China’s currency the Renminbi is not going to be a global reserve currency soon, and perhaps not in a very long time, writes political science professor Victor Shih (co-authored with Susan Shirk) in Foreign Policy.
The level of RMB deposits in Hong Kong, a more reliable sign of offshore willingness to adopt the RMB, has declined since late last year. Since both Chinese and foreign investors bank in the economically liberal Hong Kong, RMB deposits there are a bellwether of general confidence in the RMB. Enlarging the pool of RMB circulating outside mainland China, a prerequisite for it becoming a global currency, thus might prove more challenging than first imagined, especially as global economic woes reduce demand for Chinese exports and put downward pressure on the RMB.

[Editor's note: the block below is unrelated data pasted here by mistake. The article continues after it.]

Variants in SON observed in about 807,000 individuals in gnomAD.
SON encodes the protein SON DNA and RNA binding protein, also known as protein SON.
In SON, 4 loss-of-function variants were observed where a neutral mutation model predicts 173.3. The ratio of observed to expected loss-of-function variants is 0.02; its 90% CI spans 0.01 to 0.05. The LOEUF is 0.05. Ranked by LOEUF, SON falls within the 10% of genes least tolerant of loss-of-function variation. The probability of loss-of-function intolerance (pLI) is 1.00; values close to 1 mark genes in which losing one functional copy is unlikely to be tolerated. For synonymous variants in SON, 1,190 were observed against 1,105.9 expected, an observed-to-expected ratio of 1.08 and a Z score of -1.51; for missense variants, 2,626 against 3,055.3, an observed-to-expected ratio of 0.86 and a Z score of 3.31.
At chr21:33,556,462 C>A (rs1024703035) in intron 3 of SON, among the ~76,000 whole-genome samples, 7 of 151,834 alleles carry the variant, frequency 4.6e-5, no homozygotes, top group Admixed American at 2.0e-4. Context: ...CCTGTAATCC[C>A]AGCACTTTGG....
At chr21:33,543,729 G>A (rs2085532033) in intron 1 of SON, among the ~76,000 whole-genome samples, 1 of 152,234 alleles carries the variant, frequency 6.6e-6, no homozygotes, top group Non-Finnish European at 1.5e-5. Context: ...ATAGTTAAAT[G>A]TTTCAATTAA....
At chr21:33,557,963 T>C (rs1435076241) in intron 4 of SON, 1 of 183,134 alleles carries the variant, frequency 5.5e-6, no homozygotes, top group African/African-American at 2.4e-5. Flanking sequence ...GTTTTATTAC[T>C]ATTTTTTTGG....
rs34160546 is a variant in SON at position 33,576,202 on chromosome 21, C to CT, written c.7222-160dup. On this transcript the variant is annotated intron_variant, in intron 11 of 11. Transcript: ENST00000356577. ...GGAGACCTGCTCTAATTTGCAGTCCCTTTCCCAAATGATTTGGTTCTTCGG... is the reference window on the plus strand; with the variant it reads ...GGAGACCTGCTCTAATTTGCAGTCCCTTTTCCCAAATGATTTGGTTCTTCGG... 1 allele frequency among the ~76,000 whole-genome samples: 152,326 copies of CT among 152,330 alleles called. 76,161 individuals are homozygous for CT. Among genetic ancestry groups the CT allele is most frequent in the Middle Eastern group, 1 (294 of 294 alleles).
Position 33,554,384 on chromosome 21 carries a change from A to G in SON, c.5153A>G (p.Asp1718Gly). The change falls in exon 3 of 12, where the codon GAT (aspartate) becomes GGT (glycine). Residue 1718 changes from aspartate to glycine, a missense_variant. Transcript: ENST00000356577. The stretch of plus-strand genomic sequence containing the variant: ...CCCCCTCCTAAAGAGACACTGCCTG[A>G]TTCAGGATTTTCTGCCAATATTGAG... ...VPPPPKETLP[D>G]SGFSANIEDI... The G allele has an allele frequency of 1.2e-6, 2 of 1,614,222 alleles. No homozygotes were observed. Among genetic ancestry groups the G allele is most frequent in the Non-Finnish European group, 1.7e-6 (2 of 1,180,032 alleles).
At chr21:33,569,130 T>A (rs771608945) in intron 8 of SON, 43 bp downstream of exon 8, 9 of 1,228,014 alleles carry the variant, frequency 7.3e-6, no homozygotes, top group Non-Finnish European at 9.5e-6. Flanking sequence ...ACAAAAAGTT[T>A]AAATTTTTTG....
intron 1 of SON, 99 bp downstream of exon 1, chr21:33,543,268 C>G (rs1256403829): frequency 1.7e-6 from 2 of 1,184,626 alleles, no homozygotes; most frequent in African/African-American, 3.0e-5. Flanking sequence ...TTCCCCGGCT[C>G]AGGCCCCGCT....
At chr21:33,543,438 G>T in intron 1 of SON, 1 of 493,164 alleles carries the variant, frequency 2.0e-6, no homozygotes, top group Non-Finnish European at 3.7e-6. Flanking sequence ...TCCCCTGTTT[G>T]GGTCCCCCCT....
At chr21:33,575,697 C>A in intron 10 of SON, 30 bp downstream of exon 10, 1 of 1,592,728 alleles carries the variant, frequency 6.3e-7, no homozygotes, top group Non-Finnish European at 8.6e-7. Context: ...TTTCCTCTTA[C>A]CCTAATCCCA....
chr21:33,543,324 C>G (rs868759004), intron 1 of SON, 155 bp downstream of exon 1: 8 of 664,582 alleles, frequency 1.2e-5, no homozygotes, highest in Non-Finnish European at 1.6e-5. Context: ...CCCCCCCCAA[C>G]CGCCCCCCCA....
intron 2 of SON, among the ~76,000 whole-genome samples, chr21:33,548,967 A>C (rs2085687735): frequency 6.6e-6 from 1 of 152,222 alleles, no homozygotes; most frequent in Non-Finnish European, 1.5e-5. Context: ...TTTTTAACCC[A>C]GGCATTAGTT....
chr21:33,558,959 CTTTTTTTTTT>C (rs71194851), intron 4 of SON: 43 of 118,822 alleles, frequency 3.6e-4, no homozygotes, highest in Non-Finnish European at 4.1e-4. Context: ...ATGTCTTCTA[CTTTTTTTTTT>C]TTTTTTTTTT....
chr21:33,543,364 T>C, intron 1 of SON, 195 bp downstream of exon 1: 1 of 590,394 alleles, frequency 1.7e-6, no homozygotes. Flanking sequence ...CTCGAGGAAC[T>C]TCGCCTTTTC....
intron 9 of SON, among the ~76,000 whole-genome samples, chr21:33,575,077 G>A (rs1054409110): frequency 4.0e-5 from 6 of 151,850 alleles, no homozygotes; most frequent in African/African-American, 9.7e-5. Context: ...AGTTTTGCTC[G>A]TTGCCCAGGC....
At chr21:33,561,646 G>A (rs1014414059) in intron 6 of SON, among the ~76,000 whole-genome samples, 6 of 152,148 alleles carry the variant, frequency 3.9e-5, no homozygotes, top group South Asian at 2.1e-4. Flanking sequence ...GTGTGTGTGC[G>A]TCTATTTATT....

So will the RMB ever truly go global? That depends on whether Chinese decision-makers are willing to accept the risks involved in allowing capital to flow more freely in and out of mainland China. One major risk of capital-account liberalization, as this process is called, is that it could engender financial instability. The upside is that capital-account liberalization in developing countries tends to lead to higher economic growth, lower inflation, and higher returns on equity within two to three years after the reform. In the short term, however, it can cause volatility in capital flows, which can lead to deflation or inflation and even economic crises. Chinese leaders might be worried that if they make it easier to take assets out of China, more and more wealthy Chinese will hedge their bets by moving their children’s education, their home purchasing, and their savings abroad. Because wealth is very concentrated in China, such a stampede for the exits could drain a substantial amount of deposits from China’s banking system.